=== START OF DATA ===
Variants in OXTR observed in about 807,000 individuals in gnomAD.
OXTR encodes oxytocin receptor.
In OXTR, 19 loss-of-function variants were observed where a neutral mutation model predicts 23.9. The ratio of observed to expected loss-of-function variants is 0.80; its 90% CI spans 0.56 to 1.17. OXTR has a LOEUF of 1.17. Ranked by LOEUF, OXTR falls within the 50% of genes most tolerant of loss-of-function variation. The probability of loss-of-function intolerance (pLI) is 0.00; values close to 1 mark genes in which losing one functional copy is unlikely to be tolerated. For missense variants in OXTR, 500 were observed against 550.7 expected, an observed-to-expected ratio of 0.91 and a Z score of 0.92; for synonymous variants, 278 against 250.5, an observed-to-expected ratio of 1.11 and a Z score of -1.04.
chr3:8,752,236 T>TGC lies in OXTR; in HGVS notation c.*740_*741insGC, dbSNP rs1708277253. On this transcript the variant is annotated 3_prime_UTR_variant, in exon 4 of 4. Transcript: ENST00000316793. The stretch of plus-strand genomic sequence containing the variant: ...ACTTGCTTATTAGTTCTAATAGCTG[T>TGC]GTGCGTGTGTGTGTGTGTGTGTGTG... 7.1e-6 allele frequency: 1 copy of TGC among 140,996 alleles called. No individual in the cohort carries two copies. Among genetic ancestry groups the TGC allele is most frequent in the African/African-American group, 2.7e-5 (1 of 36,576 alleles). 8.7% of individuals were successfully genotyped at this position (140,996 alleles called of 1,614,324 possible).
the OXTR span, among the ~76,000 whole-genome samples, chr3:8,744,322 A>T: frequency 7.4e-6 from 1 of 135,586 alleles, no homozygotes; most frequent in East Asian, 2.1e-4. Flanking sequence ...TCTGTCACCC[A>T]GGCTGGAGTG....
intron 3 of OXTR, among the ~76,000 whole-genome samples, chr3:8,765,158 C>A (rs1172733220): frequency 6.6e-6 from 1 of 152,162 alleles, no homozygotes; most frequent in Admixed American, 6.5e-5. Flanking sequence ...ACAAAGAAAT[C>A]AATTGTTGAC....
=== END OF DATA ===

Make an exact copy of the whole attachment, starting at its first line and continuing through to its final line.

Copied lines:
Variants in OXTR observed in about 807,000 individuals in gnomAD.
OXTR encodes oxytocin receptor.
In OXTR, 19 loss-of-function variants were observed where a neutral mutation model predicts 23.9. The ratio of observed to expected loss-of-function variants is 0.80; its 90% CI spans 0.56 to 1.17. OXTR has a LOEUF of 1.17. Ranked by LOEUF, OXTR falls within the 50% of genes most tolerant of loss-of-function variation. The probability of loss-of-function intolerance (pLI) is 0.00; values close to 1 mark genes in which losing one functional copy is unlikely to be tolerated. For missense variants in OXTR, 500 were observed against 550.7 expected, an observed-to-expected ratio of 0.91 and a Z score of 0.92; for synonymous variants, 278 against 250.5, an observed-to-expected ratio of 1.11 and a Z score of -1.04.
chr3:8,752,236 T>TGC lies in OXTR; in HGVS notation c.*740_*741insGC, dbSNP rs1708277253. On this transcript the variant is annotated 3_prime_UTR_variant, in exon 4 of 4. Transcript: ENST00000316793. The stretch of plus-strand genomic sequence containing the variant: ...ACTTGCTTATTAGTTCTAATAGCTG[T>TGC]GTGCGTGTGTGTGTGTGTGTGTGTG... 7.1e-6 allele frequency: 1 copy of TGC among 140,996 alleles called. No individual in the cohort carries two copies. Among genetic ancestry groups the TGC allele is most frequent in the African/African-American group, 2.7e-5 (1 of 36,576 alleles). 8.7% of individuals were successfully genotyped at this position (140,996 alleles called of 1,614,324 possible).
the OXTR span, among the ~76,000 whole-genome samples, chr3:8,744,322 A>T: frequency 7.4e-6 from 1 of 135,586 alleles, no homozygotes; most frequent in East Asian, 2.1e-4. Flanking sequence ...TCTGTCACCC[A>T]GGCTGGAGTG....
intron 3 of OXTR, among the ~76,000 whole-genome samples, chr3:8,765,158 C>A (rs1172733220): frequency 6.6e-6 from 1 of 152,162 alleles, no homozygotes; most frequent in Admixed American, 6.5e-5. Flanking sequence ...ACAAAGAAAT[C>A]AATTGTTGAC....